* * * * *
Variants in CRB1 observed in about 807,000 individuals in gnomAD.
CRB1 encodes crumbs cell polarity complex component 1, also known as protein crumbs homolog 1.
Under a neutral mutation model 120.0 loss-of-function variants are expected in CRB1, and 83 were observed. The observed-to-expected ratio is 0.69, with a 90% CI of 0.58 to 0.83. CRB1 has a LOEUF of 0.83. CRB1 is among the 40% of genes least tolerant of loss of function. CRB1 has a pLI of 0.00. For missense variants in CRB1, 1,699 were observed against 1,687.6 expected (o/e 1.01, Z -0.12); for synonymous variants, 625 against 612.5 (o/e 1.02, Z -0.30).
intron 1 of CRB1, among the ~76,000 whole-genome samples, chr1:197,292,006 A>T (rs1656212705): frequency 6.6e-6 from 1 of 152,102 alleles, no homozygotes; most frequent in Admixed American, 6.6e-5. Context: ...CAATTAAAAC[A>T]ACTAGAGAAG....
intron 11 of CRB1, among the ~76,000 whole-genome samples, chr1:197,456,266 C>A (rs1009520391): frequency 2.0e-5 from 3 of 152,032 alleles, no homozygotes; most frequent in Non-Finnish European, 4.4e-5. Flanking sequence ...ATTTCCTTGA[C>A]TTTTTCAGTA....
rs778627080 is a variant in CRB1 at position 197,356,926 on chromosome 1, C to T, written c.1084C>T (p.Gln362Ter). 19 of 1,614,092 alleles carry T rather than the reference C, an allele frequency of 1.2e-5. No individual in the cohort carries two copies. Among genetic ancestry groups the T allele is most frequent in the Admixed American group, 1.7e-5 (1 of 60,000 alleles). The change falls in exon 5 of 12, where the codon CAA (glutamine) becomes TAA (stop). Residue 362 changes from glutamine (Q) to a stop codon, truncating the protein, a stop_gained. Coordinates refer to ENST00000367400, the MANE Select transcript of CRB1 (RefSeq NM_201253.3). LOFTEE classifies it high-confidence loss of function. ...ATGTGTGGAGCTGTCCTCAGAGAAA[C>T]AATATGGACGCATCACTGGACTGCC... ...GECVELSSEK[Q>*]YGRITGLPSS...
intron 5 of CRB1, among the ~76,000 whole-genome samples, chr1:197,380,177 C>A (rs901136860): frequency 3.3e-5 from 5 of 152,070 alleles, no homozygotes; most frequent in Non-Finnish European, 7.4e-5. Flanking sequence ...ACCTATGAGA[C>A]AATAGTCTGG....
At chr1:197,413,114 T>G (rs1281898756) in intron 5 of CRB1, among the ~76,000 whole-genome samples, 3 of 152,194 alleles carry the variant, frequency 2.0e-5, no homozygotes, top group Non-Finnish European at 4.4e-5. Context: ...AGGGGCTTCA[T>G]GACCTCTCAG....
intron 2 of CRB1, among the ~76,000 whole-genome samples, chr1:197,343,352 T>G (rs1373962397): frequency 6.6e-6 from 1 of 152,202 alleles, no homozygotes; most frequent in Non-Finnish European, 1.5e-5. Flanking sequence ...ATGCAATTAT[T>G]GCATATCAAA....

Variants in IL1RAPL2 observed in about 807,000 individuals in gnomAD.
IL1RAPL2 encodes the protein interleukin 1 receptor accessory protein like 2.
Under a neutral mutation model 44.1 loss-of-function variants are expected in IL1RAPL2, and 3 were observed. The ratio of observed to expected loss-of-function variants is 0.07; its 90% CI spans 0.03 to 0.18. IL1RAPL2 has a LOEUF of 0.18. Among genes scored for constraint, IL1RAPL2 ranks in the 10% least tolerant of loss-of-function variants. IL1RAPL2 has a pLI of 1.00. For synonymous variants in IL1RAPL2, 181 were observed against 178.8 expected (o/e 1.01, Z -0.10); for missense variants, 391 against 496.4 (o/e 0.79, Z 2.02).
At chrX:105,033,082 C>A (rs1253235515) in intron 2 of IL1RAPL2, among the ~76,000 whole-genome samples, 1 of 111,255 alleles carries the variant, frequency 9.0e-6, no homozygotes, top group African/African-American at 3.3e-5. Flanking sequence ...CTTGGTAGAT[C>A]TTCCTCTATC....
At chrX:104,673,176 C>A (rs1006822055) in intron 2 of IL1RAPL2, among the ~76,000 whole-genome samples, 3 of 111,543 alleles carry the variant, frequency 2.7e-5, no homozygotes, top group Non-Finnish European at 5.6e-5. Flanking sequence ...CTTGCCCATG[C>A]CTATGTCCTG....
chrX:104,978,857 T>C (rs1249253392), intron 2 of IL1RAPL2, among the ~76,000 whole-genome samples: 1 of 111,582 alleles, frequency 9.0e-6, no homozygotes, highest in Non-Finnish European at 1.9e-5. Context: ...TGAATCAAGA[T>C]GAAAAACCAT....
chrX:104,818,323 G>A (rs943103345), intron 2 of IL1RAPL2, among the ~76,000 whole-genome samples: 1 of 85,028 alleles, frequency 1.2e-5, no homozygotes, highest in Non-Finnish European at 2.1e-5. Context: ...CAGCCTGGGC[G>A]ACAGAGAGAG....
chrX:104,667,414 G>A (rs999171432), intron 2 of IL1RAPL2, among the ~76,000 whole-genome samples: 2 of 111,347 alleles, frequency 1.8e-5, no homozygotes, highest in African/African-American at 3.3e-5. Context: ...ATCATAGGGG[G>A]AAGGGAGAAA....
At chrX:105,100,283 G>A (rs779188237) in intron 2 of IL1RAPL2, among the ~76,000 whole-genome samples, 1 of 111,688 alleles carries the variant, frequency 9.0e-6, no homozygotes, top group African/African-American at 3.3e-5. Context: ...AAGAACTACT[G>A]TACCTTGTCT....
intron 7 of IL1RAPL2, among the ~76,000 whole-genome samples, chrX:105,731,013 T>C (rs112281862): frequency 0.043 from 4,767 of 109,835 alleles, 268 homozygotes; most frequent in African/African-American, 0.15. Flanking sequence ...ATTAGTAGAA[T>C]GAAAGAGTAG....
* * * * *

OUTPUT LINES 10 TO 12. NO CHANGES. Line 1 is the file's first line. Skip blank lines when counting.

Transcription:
Variants in IL1RAPL2 observed in about 807,000 individuals in gnomAD.
IL1RAPL2 encodes the protein interleukin 1 receptor accessory protein like 2.
Under a neutral mutation model 44.1 loss-of-function variants are expected in IL1RAPL2, and 3 were observed. The ratio of observed to expected loss-of-function variants is 0.07; its 90% CI spans 0.03 to 0.18. IL1RAPL2 has a LOEUF of 0.18. Among genes scored for constraint, IL1RAPL2 ranks in the 10% least tolerant of loss-of-function variants. IL1RAPL2 has a pLI of 1.00. For synonymous variants in IL1RAPL2, 181 were observed against 178.8 expected (o/e 1.01, Z -0.10); for missense variants, 391 against 496.4 (o/e 0.79, Z 2.02).